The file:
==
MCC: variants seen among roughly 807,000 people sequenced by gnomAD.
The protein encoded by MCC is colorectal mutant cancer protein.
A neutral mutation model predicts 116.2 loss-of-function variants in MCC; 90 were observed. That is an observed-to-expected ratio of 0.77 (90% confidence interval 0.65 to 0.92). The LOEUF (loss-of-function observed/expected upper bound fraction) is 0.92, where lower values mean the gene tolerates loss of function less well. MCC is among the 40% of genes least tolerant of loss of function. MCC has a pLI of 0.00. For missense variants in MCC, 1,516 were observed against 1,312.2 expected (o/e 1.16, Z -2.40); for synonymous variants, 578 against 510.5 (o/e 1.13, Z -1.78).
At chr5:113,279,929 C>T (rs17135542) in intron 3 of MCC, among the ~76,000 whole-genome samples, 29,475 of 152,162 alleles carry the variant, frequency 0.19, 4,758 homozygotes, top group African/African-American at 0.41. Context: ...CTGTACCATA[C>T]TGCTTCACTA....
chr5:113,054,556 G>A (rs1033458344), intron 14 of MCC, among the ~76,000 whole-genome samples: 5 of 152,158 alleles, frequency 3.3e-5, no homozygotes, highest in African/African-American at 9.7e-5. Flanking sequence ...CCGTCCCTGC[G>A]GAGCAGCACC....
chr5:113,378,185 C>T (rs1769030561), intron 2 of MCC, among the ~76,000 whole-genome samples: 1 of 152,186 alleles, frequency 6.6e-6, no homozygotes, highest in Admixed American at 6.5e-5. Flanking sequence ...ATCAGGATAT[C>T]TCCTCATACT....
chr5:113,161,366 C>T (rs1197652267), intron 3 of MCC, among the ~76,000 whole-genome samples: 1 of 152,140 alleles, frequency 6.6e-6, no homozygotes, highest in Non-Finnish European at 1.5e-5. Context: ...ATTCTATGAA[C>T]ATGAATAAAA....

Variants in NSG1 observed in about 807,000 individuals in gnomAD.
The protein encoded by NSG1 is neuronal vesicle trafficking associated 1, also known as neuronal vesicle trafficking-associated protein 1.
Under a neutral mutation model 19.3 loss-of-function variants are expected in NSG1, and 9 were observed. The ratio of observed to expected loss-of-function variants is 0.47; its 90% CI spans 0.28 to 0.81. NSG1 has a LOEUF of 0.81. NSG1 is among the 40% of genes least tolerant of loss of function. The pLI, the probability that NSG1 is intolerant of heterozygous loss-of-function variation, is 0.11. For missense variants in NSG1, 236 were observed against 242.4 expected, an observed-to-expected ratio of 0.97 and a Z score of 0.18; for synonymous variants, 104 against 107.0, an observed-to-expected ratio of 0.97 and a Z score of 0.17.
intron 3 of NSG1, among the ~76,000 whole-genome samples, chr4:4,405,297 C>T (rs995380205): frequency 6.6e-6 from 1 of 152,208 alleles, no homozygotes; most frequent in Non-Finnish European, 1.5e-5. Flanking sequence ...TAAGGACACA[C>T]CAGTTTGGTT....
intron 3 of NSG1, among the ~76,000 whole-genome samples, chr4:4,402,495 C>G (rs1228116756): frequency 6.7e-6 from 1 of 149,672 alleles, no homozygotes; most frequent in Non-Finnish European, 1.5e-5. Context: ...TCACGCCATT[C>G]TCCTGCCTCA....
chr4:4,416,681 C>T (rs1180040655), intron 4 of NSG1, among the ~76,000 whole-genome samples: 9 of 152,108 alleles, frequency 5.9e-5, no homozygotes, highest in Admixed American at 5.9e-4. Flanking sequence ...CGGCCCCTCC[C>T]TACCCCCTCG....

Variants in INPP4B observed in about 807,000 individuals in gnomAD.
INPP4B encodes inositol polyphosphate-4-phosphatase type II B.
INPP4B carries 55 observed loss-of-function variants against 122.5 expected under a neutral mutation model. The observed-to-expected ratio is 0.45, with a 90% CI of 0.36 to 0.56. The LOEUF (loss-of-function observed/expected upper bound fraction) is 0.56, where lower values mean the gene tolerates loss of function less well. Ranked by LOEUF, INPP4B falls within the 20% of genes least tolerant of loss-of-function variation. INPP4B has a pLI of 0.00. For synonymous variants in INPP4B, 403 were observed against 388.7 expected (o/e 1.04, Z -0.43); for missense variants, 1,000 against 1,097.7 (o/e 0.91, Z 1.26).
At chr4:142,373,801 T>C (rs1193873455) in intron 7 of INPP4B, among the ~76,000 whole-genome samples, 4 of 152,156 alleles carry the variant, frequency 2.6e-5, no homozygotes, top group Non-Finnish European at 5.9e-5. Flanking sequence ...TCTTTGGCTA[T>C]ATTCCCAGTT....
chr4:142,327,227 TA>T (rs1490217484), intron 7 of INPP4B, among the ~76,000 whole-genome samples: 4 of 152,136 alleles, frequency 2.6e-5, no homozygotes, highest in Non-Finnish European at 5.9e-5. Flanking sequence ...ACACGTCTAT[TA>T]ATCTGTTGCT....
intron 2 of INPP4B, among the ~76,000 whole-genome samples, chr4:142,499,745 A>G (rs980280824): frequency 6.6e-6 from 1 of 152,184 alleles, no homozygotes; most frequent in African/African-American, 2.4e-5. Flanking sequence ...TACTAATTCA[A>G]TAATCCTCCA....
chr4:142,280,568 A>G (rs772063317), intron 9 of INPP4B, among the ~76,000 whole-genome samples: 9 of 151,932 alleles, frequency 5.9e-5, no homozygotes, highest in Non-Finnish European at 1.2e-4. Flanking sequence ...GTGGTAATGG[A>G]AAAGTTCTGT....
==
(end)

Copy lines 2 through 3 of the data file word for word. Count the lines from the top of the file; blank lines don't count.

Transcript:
The protein encoded by MCC is colorectal mutant cancer protein.
A neutral mutation model predicts 116.2 loss-of-function variants in MCC; 90 were observed. That is an observed-to-expected ratio of 0.77 (90% confidence interval 0.65 to 0.92). The LOEUF (loss-of-function observed/expected upper bound fraction) is 0.92, where lower values mean the gene tolerates loss of function less well. MCC is among the 40% of genes least tolerant of loss of function. MCC has a pLI of 0.00. For missense variants in MCC, 1,516 were observed against 1,312.2 expected (o/e 1.16, Z -2.40); for synonymous variants, 578 against 510.5 (o/e 1.13, Z -1.78).